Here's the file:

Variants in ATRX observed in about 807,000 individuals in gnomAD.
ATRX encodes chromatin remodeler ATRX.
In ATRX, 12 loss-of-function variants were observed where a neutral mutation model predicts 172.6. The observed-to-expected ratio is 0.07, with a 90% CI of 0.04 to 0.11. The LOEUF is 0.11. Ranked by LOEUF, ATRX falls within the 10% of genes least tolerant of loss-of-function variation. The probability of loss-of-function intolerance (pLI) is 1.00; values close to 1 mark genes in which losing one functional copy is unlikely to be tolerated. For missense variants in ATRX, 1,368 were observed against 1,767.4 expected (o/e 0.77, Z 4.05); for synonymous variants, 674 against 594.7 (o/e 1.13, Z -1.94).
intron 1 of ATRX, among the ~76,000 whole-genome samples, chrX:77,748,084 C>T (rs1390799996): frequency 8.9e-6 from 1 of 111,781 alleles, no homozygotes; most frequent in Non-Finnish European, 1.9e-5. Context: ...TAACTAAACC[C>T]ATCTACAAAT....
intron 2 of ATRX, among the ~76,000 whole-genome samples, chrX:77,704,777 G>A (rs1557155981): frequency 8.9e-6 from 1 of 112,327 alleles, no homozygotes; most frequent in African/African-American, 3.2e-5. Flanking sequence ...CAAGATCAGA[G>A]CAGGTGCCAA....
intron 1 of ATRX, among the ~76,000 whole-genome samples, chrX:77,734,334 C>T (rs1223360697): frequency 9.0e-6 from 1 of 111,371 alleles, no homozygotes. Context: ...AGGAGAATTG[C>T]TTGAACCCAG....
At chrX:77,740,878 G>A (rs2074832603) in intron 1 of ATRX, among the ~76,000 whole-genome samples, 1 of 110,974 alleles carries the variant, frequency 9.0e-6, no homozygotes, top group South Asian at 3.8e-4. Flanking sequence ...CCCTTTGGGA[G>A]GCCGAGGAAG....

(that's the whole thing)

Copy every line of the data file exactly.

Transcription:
Variants in ATRX observed in about 807,000 individuals in gnomAD.
ATRX encodes chromatin remodeler ATRX.
In ATRX, 12 loss-of-function variants were observed where a neutral mutation model predicts 172.6. The observed-to-expected ratio is 0.07, with a 90% CI of 0.04 to 0.11. The LOEUF is 0.11. Ranked by LOEUF, ATRX falls within the 10% of genes least tolerant of loss-of-function variation. The probability of loss-of-function intolerance (pLI) is 1.00; values close to 1 mark genes in which losing one functional copy is unlikely to be tolerated. For missense variants in ATRX, 1,368 were observed against 1,767.4 expected (o/e 0.77, Z 4.05); for synonymous variants, 674 against 594.7 (o/e 1.13, Z -1.94).
intron 1 of ATRX, among the ~76,000 whole-genome samples, chrX:77,748,084 C>T (rs1390799996): frequency 8.9e-6 from 1 of 111,781 alleles, no homozygotes; most frequent in Non-Finnish European, 1.9e-5. Context: ...TAACTAAACC[C>T]ATCTACAAAT....
intron 2 of ATRX, among the ~76,000 whole-genome samples, chrX:77,704,777 G>A (rs1557155981): frequency 8.9e-6 from 1 of 112,327 alleles, no homozygotes; most frequent in African/African-American, 3.2e-5. Flanking sequence ...CAAGATCAGA[G>A]CAGGTGCCAA....
intron 1 of ATRX, among the ~76,000 whole-genome samples, chrX:77,734,334 C>T (rs1223360697): frequency 9.0e-6 from 1 of 111,371 alleles, no homozygotes. Context: ...AGGAGAATTG[C>T]TTGAACCCAG....
At chrX:77,740,878 G>A (rs2074832603) in intron 1 of ATRX, among the ~76,000 whole-genome samples, 1 of 110,974 alleles carries the variant, frequency 9.0e-6, no homozygotes, top group South Asian at 3.8e-4. Flanking sequence ...CCCTTTGGGA[G>A]GCCGAGGAAG....